US-95 White Bird Grade fully open after rockfall

Railroad containers set in place to shield traffic

May 11 update:

All lanes on U.S. Highway 95 are now open after the Idaho Transportation Department removed debris from a rockfall on Monday morning and placed barriers to protect drivers.

One lane had remained open immediately following the rockfall. New railroad containers have taken the place of concrete rail to offer better protection should more rocks come down.

An excavator scoops up freshly fallen rocks on US-95
An excavator scoops up freshly fallen rocks on US-95

“More rocks fell down this morning. The slope is not stable,” Operations Engineer Jared Hopkins said. “This will not be a quick fix.”

The department is working to secure an emergency contract to further assess conditions and then likely use specialized equipment to scale the slope. Scaling involves knocking down loose debris proactively.

May 9 update:

Rockfall on US-95 blocks one lane on White Bird Grade
Rockfall on US-95 blocks one lane on White Bird Grade

Following persistent rain over the last week, a rockfall blocked lanes this morning on U.S. Highway 95 at the top of White Bird Grade south of Grangeville. The highway remains reduced to one lane.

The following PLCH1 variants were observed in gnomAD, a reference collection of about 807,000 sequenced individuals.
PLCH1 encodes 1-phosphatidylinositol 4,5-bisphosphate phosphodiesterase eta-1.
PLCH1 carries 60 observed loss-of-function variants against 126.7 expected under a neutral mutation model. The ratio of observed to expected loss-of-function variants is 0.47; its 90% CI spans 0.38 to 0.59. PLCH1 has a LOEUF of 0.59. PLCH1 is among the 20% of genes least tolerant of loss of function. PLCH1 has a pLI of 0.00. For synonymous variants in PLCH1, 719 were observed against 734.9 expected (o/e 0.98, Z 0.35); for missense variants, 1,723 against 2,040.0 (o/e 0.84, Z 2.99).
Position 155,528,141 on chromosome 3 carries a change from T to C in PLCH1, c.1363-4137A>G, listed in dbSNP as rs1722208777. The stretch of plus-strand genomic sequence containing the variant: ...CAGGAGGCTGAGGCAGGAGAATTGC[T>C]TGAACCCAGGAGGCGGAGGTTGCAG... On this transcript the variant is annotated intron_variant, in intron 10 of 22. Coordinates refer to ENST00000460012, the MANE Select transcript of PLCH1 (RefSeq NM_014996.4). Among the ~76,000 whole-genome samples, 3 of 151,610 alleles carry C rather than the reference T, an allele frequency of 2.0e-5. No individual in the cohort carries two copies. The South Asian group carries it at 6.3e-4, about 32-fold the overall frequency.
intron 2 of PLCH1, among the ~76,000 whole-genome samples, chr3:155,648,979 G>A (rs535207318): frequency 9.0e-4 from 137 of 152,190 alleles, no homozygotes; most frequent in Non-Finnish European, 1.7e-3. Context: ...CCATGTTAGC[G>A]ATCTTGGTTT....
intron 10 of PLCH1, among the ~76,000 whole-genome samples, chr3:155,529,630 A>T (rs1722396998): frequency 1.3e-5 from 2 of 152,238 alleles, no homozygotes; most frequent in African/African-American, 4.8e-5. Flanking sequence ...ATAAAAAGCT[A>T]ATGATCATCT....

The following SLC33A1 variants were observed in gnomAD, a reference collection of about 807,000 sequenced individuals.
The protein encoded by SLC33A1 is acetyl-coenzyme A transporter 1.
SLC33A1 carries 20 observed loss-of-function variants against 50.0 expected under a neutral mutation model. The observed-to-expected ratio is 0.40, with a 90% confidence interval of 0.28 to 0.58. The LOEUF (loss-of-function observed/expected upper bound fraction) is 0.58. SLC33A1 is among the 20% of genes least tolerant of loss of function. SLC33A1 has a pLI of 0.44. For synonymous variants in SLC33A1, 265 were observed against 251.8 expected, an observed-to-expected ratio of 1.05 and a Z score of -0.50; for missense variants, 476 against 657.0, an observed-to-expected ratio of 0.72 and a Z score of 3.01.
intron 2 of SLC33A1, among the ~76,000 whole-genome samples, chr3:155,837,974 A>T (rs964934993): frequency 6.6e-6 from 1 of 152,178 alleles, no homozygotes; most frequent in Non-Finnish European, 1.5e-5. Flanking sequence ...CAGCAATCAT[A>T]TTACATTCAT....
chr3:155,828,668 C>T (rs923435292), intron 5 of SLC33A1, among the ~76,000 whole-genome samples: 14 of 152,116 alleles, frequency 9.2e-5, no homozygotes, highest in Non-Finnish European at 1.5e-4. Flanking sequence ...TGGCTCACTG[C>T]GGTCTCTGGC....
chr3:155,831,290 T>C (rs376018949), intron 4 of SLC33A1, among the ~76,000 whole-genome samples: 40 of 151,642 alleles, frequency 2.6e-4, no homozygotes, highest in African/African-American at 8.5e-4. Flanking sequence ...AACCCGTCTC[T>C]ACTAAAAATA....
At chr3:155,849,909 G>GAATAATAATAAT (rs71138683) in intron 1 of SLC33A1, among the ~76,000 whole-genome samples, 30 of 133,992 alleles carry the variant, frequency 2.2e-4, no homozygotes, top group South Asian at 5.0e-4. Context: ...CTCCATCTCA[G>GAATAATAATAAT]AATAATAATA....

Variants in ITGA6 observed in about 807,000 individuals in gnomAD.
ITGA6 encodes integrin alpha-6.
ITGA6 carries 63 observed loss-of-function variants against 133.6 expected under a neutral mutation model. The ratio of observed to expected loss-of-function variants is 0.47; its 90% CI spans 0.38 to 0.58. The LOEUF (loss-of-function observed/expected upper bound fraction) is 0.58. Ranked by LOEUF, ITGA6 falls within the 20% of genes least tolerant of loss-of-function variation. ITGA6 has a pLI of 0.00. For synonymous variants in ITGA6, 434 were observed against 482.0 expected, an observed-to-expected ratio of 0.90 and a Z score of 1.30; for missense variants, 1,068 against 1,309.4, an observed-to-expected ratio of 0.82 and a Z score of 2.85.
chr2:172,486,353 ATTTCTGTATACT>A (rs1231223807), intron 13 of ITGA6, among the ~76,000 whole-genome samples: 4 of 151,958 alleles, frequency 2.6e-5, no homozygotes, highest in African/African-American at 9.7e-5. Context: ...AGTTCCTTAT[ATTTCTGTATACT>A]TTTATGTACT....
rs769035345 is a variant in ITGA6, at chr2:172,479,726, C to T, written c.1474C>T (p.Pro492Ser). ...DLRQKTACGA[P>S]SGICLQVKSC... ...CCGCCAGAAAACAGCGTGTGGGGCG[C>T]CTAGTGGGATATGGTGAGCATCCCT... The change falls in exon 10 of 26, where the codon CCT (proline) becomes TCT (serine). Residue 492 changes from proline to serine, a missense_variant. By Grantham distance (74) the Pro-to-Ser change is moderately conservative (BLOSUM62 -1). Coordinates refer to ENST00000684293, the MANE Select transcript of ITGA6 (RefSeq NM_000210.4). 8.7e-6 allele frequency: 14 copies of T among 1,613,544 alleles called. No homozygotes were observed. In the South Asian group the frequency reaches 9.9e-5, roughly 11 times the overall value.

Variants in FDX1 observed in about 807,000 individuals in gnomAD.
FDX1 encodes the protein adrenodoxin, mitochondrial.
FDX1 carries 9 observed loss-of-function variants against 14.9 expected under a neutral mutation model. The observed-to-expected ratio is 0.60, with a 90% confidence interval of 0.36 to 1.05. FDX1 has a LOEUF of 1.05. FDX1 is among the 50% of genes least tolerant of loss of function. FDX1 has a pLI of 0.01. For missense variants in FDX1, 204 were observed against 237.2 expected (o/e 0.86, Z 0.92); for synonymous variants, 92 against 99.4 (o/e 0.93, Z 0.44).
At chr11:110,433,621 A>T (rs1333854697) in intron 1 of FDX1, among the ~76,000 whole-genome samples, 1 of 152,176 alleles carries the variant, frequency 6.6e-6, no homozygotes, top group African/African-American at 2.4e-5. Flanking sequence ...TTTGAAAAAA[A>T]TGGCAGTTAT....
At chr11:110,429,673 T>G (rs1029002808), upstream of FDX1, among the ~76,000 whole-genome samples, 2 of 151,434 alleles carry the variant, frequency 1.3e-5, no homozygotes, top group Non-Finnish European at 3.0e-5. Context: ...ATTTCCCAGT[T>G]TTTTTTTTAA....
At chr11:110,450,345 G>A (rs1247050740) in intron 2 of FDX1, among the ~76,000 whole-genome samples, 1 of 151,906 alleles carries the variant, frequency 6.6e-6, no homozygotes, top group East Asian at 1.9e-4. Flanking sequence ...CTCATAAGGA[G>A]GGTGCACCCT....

Rocks ranging from 6 inches to 6 feet wide blocked the southbound lane around 10 a.m. Crews immediately responded by alternating northbound and southbound traffic and hauling away debris.

Rocks continued to fall down the slope, prompting the Idaho Transportation Department to place concrete rail to protect drivers. A spotter will watch the hillside through the night, ready to close the highway at a moment’s notice. Flaggers will control traffic through tonight and likely tomorrow night.

“This happened during blue skies,” Operations Engineer Jared Hopkins said. “Just a reminder that sometimes it takes a bit for rain to seep into a slope and make it unstable.”

Experts will continue to monitor the site. The department is arranging for large railroad containers to be placed at the edge of the highway to block any future rockfall.

“We will let this settle overnight, but in the morning our goal is to continue removing debris,” Hopkins said. “Once larger barriers are in place, we’re hopeful to have one lane in each direction while we identify a long-term solution.”

The department is also working to secure an emergency contract to use specialized equipment to scale the slope, a process that involves knocking down loose debris proactively.

Drivers are encouraged to monitor road conditions at 511.idaho.gov.